As he gradually subverts the hermetically sealed fantasyland of a ’50s sitcom with impolite urges and incon-venient passions, Ross reveals his own true colors. Some of the changes in “Pleasantville” are as liberating as they are hilarious, especially when Betty — at the urging of her daughter — discovers sensual pleasure by ex-ploring her own body. But while introducing the joys of real-world passions, David and Jennifer inadvertently unleash much darker forces: intolerance, paranoia, even mob violence. The tradition-minded citizens, led by mayor Big Bob (the late J.T. Walsh, in his last screen role), don’t understand what’s going on in their town, but they know they don’t like it.

To a certain degree, Ross is belaboring an obvious point: Those fondly remembered sitcoms of yesteryear really were self-justifying advertisements for a paternalistic, rigorously regimented society that valued confor-mity above all else.

The most intriguing thing about “Pleasantville” is that Ross wants to have it both ways, and largely succeeds. At its worst, the comedy indicates, Pleasantville is a place where the locals skirt perilously close to fascism when their way of life is threatened. But that way of life may have much to offer: The longer Jennifer stays, the more she grows as an individual — she even starts to read books — and the less she feels the need to play the role of a hip and promiscuous ’90s teen.

By insisting on ambiguity, Ross occasionally clouds the issues that he intelligently and humorously raises. The final third of the comedy is unduly protracted, suggesting that the writer-director wanted to cover all his bases while grappling with the need to provide a dramatically and emotionally satisfying conclusion. Tighter, more focused storytelling might have helped, though Ross is to be commended for refusing to take the easy way out.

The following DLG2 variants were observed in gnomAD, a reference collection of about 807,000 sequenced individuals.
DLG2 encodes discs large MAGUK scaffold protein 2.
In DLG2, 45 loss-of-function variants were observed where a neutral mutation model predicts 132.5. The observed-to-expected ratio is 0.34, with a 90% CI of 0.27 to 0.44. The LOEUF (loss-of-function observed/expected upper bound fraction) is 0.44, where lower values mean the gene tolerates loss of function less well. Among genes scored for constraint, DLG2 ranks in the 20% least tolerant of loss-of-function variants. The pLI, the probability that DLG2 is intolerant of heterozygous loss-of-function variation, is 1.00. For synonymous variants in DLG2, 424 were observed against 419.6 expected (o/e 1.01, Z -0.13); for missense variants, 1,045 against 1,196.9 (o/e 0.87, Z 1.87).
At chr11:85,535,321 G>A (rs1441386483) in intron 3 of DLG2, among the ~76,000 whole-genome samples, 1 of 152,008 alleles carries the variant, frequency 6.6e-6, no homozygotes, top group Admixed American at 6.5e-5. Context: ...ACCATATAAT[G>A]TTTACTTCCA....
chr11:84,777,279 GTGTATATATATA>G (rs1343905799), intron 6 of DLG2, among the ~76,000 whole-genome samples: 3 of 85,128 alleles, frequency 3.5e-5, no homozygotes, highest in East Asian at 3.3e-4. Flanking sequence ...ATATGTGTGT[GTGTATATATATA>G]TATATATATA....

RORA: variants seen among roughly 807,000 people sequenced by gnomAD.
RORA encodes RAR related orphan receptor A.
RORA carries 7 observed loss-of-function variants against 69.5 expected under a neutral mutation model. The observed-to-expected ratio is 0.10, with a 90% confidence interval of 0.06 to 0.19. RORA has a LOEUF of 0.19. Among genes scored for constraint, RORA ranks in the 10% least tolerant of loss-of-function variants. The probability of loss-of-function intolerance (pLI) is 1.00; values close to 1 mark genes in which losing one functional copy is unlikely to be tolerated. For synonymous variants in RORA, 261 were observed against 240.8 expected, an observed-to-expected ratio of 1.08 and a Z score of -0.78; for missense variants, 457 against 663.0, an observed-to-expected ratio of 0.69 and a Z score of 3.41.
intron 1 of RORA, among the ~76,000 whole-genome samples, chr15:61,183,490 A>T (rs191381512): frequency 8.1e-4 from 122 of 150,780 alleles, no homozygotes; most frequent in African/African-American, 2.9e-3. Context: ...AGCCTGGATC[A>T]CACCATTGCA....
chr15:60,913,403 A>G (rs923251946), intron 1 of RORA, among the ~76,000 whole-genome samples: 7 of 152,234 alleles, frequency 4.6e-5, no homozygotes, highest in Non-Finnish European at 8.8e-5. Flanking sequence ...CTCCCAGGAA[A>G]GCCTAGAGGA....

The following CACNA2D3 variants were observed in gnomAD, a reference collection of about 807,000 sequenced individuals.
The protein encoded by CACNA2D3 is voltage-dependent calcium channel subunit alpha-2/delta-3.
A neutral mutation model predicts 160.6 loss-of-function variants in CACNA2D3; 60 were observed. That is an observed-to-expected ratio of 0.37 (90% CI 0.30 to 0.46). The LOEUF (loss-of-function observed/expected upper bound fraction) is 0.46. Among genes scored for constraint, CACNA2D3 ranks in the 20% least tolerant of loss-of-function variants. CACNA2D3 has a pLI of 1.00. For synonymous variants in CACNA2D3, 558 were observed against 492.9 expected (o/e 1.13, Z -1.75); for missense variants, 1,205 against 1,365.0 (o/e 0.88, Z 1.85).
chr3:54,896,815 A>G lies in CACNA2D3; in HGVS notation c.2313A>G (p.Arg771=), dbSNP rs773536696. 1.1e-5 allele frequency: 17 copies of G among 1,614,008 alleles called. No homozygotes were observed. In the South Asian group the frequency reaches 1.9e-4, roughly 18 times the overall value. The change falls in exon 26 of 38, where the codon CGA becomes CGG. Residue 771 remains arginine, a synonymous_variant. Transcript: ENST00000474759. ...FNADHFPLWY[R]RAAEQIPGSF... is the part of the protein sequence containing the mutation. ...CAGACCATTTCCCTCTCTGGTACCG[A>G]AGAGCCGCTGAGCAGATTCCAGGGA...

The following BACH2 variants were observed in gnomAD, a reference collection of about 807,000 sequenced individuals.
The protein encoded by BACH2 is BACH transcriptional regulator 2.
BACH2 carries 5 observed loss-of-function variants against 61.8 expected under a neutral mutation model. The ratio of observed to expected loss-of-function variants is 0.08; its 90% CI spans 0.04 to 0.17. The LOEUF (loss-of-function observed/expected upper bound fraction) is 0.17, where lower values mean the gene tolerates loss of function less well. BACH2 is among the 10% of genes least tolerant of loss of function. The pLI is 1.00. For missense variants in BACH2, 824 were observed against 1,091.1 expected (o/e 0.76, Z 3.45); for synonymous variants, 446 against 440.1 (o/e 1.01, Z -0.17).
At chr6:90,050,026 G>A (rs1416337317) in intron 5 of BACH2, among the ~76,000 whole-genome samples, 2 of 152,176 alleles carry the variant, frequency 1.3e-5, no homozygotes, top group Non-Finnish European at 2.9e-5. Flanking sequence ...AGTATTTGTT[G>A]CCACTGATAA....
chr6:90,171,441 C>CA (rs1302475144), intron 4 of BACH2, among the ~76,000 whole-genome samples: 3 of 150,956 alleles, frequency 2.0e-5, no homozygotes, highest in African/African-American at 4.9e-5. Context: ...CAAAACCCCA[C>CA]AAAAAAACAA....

In a uniformly excellent ensemble cast, Macy is a standout with a performance that balances straight-arrow caricature with unexpectedly affecting poignancy. Allen is equally effective in her subtle transformation from docile Stepford Wife to yearning free spirit, while Daniels conveys the wistful trepidation of a man who’s confused about his newfound happiness. Maguire and Witherspoon are adept at playing strangers in a strange land, and do much to ground the fantastic premise in something resembling reality.

Of course, “Pleasantville” wouldn’t work at all without the extraordinary work of an all-star production team that includes cinematographer John Lindley, production designer Jeannine Oppewall, visual effects supervisor Chris Watts and, perhaps most important, color effects designer Michael Southard. The striking juxtapositions of color and black-and-white in key scenes are dazzling. But it’s the overall persuasiveness of the high-tech wizardry that truly elevates Ross’ fairy tale above the level of mere gimmickry.

Pleasantville

Production: A New Line Cinema release of a Larger Than Life production. Produced by Jon Kilik, Robert J. Degus, Steven Soderbergh, Gary Ross. Executive producers, Michael De Luca, Mary Parent. Co-producers, Allen Alsobrook, Allison Thomas, Edward Lynn, Andy Borowitz, Susan Borowitz. Directed, written by Gary Ross.

Crew: Camera (Deluxe color/B&W), John Lindley; editor, William Goldenberg; music, Randy Newman; music supervisor, Bonnie Greenberg; production designer, Jeannine Oppewall; art director, Dianne Wager; costume designer, Judianna Makovsky; sound (Dolby Digital/DTS/SDDS), Robert Anderson Jr.; visual effects supervisor, Chris Watts; color effects designer, Michael Southard; casting, Ellen Lewis, Debra Zane. Reviewed at Toronto Film Festival (Gala), Sept. 16, 1998. MPAA Rating: PG-13. Running time: 123 MIN.